Twelve patients had received azacitidine during this period (ten men and two women), with an average age of 74 years (range 52–84). Azacitidine was used in a daily regimen of 75mg/m2 for five, six or seven days repeated every 28 days (seven days dose regimen in one patient, six days dose regimen in eight patients and five days in three patients). Patients received a median of 3.3 cycles (range 1–10 cycles). Patients were premedicated to prevent nausea and vomiting with 8mg oral ondansetron when administration of azacitidine was subcutaneous, and with 1mg intravenous granisetron when administration of azacitidine was also intravenously.
In Europe azacitidine is only approved for subcutaneous use but the FDA approves both subcutaneous and intravenous routes. Seven of the 12 patients received azacitidine intravenously, three subcutaneously, and two patients began with subcutaneous administration and changed to the intravenous route to prevent from haematoma resulting from thrombocytopaenia (Table 1). As mentioned previously, thrombocytopaenia is characteristic of MDS as it also affects platelet lineage. The estimated prevalence of thrombocytopenia in MDS, defined as a platelet count of <100,000/microlitre, ranges from 40% to 65%.9
Patients who received azacitidine in different conditions than those approved by the EMA were required to give informed consent.

Adverse events
The most frequent adverse event in patients receiving azacitidine subcutaneously was injection site reactions. Four out of five patients registered this kind of adverse reaction: haematoma in four patients; blushing in three patients; pain in two; and inflammation and induration in two patients.

Another way to detect adverse events is from hospital admissions, in which more serious adverse events can be detected. Ten out of twelve patients were in hospital at least once during this period. There were 20 admissions, as one patient had four admissions, two patients had three, three patients had two and four patients were admitted only once. The average number of hospitalisations per patient was 1.7 (range 0–4). The reasons for the hospitalisations were diverse and in some cases there were more than one: febrile neutropenia (five cases), anaemia (four cases), respiratory infection (three cases), fever (three cases), thrombocytopaenia (two cases), pancytopaenia (one case), hypotension (one case), epistaxis (one case), local skin infection (one case), septic shock (one case) and hypocalcaemia with paralytic ileus (one case). Two of the 20 admissions were for reasons unrelated to their pathology (diverticulitis and traumatism).

Six patients died during hospitalisations: two patients diagnosed with febrile neutropaenia; two patients with anaemia and fever; and the two patients whose admissions were for reasons unrelated to MDS (one patient with diverticulitis and the other one with traumatism) (Figure 1). Most of these complications occurred before the third cycle (12 of 18 possible adverse events), which is consistent with what is described in the literature (most of the adverse events arise during the first two cycles of treatment).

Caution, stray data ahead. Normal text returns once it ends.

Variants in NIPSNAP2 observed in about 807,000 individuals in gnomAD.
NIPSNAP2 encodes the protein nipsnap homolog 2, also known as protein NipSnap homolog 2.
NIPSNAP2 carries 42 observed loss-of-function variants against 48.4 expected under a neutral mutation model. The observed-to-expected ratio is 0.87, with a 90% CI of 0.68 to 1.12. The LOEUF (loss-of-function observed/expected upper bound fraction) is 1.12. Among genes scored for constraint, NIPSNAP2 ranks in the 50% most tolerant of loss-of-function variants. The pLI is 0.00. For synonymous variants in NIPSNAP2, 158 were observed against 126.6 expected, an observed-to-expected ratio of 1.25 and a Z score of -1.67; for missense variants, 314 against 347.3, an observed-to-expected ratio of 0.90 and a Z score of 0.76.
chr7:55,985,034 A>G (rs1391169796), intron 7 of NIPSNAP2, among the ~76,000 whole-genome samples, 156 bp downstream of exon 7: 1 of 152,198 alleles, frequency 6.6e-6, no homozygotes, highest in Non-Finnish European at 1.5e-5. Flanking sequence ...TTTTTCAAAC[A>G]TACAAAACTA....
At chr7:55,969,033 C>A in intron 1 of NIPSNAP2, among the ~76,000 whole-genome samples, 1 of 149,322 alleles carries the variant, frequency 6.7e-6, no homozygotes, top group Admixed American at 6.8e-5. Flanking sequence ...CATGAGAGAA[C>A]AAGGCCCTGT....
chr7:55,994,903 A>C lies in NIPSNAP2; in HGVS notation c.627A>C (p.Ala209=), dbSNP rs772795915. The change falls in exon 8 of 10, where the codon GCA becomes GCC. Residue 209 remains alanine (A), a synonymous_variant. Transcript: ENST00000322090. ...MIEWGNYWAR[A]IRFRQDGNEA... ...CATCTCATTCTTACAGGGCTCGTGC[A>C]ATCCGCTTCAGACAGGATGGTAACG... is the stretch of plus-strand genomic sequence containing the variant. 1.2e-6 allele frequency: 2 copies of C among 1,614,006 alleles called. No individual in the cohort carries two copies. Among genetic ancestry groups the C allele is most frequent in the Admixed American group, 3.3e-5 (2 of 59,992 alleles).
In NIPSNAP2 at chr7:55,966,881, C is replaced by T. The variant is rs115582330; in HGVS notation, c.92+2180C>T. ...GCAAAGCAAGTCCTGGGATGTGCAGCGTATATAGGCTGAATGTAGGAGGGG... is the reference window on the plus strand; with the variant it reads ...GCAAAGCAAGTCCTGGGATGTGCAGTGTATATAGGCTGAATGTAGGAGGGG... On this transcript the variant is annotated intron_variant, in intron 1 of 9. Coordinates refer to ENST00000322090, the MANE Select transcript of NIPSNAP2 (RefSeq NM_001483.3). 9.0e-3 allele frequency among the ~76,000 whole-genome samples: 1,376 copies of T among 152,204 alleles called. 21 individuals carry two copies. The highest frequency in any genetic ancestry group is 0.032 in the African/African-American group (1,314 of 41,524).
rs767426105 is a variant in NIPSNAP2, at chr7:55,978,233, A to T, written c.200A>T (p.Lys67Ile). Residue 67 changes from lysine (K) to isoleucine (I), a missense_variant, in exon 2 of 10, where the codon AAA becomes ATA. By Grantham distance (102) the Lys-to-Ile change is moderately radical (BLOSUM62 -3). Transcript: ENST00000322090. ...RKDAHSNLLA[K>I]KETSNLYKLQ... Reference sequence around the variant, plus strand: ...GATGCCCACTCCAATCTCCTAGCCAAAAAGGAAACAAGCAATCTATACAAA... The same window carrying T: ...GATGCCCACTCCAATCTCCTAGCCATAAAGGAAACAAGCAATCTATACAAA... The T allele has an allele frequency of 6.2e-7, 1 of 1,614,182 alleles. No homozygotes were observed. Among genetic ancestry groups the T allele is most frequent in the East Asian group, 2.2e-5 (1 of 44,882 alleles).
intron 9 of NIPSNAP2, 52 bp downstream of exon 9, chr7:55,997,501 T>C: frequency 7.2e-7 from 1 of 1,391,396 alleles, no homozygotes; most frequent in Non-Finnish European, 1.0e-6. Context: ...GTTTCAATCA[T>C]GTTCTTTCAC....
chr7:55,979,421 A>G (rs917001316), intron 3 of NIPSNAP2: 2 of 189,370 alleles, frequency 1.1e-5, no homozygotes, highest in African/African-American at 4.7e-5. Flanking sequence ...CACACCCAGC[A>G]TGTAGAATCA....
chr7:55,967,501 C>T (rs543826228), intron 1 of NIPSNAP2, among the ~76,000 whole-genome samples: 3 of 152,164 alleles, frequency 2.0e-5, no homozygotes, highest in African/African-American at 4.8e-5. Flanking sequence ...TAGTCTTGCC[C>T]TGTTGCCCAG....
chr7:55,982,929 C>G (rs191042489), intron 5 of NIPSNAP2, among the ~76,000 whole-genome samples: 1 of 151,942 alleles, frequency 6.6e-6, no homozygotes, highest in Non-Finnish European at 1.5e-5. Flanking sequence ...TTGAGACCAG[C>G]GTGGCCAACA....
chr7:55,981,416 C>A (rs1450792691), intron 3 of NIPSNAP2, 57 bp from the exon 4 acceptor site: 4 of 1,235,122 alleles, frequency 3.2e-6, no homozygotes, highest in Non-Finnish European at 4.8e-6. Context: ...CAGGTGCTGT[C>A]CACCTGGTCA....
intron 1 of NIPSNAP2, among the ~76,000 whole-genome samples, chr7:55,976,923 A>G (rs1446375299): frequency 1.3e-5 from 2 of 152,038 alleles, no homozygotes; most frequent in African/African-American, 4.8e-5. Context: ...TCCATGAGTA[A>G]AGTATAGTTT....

Hypotension was also evaluated owing to the subjective impression of the clinicians of its high frequency. Blood pressure measurements are recommended before and after chemotherapy is administered in an outpatient setting in our hospital. We considered hypotension when blood pressure levels were below 90/60mmHg, or when baseline levels decreased more than 20mmHg after azacitidine administration. We had blood pressure data for eight patients, six of whom presented with hypotension that required fluid therapy. Two cycles had to be delayed owing to hypotension. Four of these six patients had antihypertensive treatment. No differences in the incidence of hypotension were observed between administration routes.

The most frequently observed adverse events with azacitidine, other than injection site reactions, are febrile neutropaenia, anaemia and infections. These adverse reactions overlap with the complications of the disease itself, so it is difficult to assess if they are therapy-related or part of the natural course of the disease. Furthermore, these symptoms can be exacerbated by the treatment of MDS. The number of patients affected by these adverse reactions is consistent with the rates described in the assessment report.

Nevertheless, many of the complications seen in our patients could be a result of the advanced state of the MDS, which had already transformed to AML in five of the 12 patients.
With regard to hypotension, it is a predictable common adverse event that can be managed easily, especially in patients already taking antihypertensive drugs. In these patients, antihypertensive drugs can be discontinued temporarily during azacitidine administration. Dizziness and discomfort caused by hypotension can be avoided and delays in treatment prevented.

The method of preparation is different, depending on the administration route; sometimes vials had to be discarded and this frequently occurred when patients with different treatment schedules coincided on the same day. To avoid this wastage, we scheduled appointments for those patients receiving azacitidine subcutaneously during one week, and appointments for patients receiving intravenous administration on another. This way of organising patients also provides more security.

Further studies would be necessary to determine frequency and severity of adverse reactions and, in the case of hypotension, if antihypertensive treatment should be discontinued temporarily in these patients.


  1. Musto P et al. Azacitidine for the treatment of lower risk myelodysplastic syndromes. A retrospective study of 74 patients enrolled in an Italian named patient program. Cancer 2010:1485–94.
  2. Kouides PA, Bennett JM. Understanding the myelodysplastic syndromes. The Oncologist 1997;2:389–401.
  3. Doll DC, Landaw SA. Clinical manifestations and diagnosis of the myelodysplastic syndromes. Version 19.3. January 2012.
  4. Nguyen PL. The myelodysplastic syndromes. Hematol Oncol Clin N Am 2009;23:675–91.
  5. Sekeres MA. Epidemiology, natural history, and practice patterns of patients with myelodysplastic syndromes in 2010. J Natl Compr Canc Netw 2011;9(1):57–63.
  6. Assessment Report for Vidaza. European Medicines Agency. Evaluation of Medicines for Human Use.
  7. FDA Center for Drug Evaluation and Research. Drug information. Vidaza.
  8. Götze K et al. Azacitidine for treatment of patients with myelodysplastic syndromes (MDS): practical recommendations of the German MDS Study Group. Ann Hematol 2010;89:841–50.
  9. Kantarjian H et al. The incidence and impact of thrombocytopenia in myelodysplastic syndromes. Cancer. 2007;109:1705–14.